Magazine article Times Educational Supplement

Research Isn't a Threat - It's an Opportunity

Magazine article Times Educational Supplement

Research Isn't a Threat - It's an Opportunity

Article excerpt

Any discussion of IQ is a minefield. Most explosions occur when intelligence is compared between genders, socioeconomic classes or races. Or when the heritability of intelligence raises its head. Especially in education.

Most people working in schools are resistant to the idea that a child's educational success is genetically predetermined. It is far preferable to believe that if you work hard, you will do well. This is why Malcolm Gladwell's 10,000-hour rule and Carol Dweck's growth mindset theory have been so popular with teachers. With enough effort and positive thinking, they tell us, anything is possible.

Research blows a hole in all of this, with some scientists saying that up to 80 per cent of intelligence is genetic, a figure that can vary over time.

Robert Plomin, professor of behavioural genetics at King's College London, has been working with more than 15,000 families since 1994, trying to detach the effects of nature from those of nurture. This year was a landmark year, as the twins observed in the study completed their A-levels, allowing Plomin and his team to draw conclusions about not only the twins' performance in intelligence tests but also their educational achievements over time. His results show that 60 per cent of the variation between children in intelligence scores and school achievement can be explained by genetic differences (pages 12-13).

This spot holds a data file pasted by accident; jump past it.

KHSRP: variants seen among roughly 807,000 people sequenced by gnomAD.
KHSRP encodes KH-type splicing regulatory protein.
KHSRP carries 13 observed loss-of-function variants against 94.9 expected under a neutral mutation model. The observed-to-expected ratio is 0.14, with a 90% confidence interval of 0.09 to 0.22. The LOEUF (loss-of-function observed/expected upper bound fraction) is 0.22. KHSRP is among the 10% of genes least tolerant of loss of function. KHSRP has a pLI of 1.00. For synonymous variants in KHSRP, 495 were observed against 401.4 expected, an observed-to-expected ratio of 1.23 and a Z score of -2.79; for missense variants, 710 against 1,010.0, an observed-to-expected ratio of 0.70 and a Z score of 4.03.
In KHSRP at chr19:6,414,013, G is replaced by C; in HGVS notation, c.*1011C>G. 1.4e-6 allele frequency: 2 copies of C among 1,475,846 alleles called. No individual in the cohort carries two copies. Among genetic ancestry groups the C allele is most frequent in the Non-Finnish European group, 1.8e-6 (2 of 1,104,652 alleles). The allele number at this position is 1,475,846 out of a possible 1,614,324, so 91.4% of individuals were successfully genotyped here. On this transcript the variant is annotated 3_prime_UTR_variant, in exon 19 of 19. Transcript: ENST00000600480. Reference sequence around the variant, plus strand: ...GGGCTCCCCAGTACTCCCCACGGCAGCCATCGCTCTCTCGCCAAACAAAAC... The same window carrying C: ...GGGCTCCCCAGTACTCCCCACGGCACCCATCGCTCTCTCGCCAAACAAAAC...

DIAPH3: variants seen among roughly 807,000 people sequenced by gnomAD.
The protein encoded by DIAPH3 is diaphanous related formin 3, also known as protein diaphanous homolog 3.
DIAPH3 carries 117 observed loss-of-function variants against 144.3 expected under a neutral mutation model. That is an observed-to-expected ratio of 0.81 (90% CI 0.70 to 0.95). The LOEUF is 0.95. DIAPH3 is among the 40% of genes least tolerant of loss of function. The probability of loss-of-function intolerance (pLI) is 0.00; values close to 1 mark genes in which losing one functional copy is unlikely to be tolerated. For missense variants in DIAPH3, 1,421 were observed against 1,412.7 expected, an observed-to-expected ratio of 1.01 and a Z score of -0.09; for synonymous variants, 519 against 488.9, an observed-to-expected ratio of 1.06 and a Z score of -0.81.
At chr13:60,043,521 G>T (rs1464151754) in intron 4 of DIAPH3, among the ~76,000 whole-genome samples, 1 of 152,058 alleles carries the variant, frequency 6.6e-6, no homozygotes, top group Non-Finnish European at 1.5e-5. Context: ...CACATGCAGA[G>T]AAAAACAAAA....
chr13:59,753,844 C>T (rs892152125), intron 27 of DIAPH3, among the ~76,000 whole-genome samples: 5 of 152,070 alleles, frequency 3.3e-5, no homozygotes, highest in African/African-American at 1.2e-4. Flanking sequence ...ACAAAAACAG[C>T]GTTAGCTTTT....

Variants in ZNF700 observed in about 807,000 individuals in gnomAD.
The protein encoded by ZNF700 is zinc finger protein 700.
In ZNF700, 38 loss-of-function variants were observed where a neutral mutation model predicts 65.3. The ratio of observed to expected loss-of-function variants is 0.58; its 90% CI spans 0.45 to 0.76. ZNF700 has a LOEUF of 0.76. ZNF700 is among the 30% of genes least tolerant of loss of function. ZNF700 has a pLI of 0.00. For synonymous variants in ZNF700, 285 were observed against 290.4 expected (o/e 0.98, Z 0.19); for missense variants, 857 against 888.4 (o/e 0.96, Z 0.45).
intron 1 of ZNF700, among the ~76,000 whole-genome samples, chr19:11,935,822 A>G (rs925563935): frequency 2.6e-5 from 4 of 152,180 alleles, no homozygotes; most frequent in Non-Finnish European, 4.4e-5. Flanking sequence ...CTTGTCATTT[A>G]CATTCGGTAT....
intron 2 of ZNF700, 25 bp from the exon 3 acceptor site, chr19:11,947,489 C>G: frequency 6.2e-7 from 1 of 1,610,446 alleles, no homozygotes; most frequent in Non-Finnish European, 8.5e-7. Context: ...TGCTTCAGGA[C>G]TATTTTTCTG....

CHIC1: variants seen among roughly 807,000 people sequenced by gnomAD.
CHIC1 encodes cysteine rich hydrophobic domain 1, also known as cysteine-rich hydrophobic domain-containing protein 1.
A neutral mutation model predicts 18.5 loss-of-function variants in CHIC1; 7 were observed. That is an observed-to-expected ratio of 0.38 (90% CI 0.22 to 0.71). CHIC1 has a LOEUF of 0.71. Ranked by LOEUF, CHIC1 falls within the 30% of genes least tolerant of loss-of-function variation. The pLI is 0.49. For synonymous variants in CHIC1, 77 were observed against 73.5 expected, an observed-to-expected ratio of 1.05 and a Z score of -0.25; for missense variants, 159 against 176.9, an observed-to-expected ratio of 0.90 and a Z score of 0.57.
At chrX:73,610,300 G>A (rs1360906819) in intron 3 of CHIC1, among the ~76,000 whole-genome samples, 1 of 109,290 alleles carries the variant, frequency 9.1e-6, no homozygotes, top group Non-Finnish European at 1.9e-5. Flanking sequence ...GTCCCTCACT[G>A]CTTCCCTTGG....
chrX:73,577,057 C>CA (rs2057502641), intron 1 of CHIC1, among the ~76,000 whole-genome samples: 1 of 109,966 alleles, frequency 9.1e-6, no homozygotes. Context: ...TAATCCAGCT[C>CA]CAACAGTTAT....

Another strand of research is on developing DNA tests to identify how genes can affect learning. This, however, is at an early stage, with results so far explaining only about 5 per cent of differences.

These advances have huge potential benefits for education, but Plomin is downbeat, feeling teachers are uninterested in or even hostile to his work. "I'd be very happy if in the near future we could have discussions in education with teachers and put genetics and education together in the same sentence without people freaking out," he says. …

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